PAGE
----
NAIROBI (Reuters) - Amnesty International urged governments on Friday not to send anyone suspected of crimes during Rwanda’s 1994 genocide to be tried in the country, saying it had serious concerns over the justice system.
The central African country wants suspects in the 100-day slaughter of 800,000 minority Tutsis and moderate Hutus to be transferred to its custody.
But Amnesty said that despite improvements in the Rwandan justice system, it had serious concerns about Kigali’s ability to investigate and prosecute genocide-related crimes fairly, impartially and in line with international standards.
“We recognize the importance of Rwandan national courts taking responsibility for investigating and prosecuting persons accused of the heinous crimes,” Erwin van der Borght of Amnesty’s Africa Program said in a statement.
“However, there is still a lot of work to be done to ensure that the rights of both the accused and the victims will be fully respected and protected by these courts.”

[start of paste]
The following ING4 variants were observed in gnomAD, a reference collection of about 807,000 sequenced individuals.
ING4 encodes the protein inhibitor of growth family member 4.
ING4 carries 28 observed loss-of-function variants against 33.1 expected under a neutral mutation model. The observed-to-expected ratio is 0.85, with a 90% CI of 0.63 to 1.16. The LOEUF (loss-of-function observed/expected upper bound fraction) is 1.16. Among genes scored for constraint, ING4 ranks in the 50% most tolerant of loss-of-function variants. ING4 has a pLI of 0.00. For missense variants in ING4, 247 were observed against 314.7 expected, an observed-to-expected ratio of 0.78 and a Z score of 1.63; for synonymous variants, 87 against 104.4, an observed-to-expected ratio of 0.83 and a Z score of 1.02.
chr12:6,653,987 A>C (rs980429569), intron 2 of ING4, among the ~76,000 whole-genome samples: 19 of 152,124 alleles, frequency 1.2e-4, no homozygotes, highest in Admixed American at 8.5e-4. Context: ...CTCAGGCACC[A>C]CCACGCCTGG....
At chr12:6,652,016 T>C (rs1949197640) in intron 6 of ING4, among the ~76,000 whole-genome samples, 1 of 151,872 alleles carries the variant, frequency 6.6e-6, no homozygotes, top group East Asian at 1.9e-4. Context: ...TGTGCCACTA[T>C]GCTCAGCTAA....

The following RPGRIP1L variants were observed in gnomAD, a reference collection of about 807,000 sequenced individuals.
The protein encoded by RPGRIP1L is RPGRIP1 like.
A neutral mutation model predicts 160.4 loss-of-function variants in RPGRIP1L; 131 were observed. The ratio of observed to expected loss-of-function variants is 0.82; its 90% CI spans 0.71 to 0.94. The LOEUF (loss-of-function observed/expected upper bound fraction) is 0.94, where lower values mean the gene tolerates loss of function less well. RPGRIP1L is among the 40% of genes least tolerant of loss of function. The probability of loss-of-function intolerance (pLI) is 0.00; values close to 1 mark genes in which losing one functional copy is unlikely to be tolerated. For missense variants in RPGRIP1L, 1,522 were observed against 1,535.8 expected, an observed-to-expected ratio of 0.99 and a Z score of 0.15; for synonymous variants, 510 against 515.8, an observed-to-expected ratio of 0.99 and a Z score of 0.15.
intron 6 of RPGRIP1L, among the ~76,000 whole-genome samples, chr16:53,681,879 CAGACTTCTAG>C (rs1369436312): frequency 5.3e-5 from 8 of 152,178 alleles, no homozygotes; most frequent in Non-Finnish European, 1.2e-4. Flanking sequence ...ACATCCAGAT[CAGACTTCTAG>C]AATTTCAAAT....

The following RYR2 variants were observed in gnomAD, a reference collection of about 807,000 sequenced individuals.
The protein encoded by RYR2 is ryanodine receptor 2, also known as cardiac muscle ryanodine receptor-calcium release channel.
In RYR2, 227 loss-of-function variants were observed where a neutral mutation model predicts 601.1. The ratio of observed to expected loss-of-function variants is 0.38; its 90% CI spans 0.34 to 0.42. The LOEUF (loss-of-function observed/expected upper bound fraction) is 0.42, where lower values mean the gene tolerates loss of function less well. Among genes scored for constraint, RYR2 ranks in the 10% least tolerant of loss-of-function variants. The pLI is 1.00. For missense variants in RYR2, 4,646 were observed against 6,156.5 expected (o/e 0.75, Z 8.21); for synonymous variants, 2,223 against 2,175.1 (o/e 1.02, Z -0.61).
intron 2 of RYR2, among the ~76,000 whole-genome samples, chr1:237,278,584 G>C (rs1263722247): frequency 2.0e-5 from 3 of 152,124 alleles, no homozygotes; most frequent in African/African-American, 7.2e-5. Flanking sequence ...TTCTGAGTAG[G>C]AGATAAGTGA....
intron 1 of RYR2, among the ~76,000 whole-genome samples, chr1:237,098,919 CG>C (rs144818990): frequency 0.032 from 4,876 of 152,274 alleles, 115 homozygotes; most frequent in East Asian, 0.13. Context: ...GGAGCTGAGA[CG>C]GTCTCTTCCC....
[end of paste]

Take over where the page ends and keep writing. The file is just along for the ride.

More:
Rwandan government officials were not immediately available to comment.
Van der Borght said countries where suspects were currently living should prosecute them themselves.
He urged the Tanzania-based International Criminal Tribunal for Rwanda, which has been trying the main architects of the genocide, not to transfer any cases to Rwanda until authorities there had shown they would conduct trials fairly, and would protect all victims and witnesses.
Amnesty said the tribunal should ask the U.N. Security Council for more time and funds to complete trials itself, rather than transferring a number of outstanding cases to Kigali when it winds up its work next year.
Amnesty said this year that Rwanda had formally and informally asked Britain, the Netherlands, Canada, France and Finland for the extradition of several people accused of genocide, war crimes and crimes against humanity in 1994.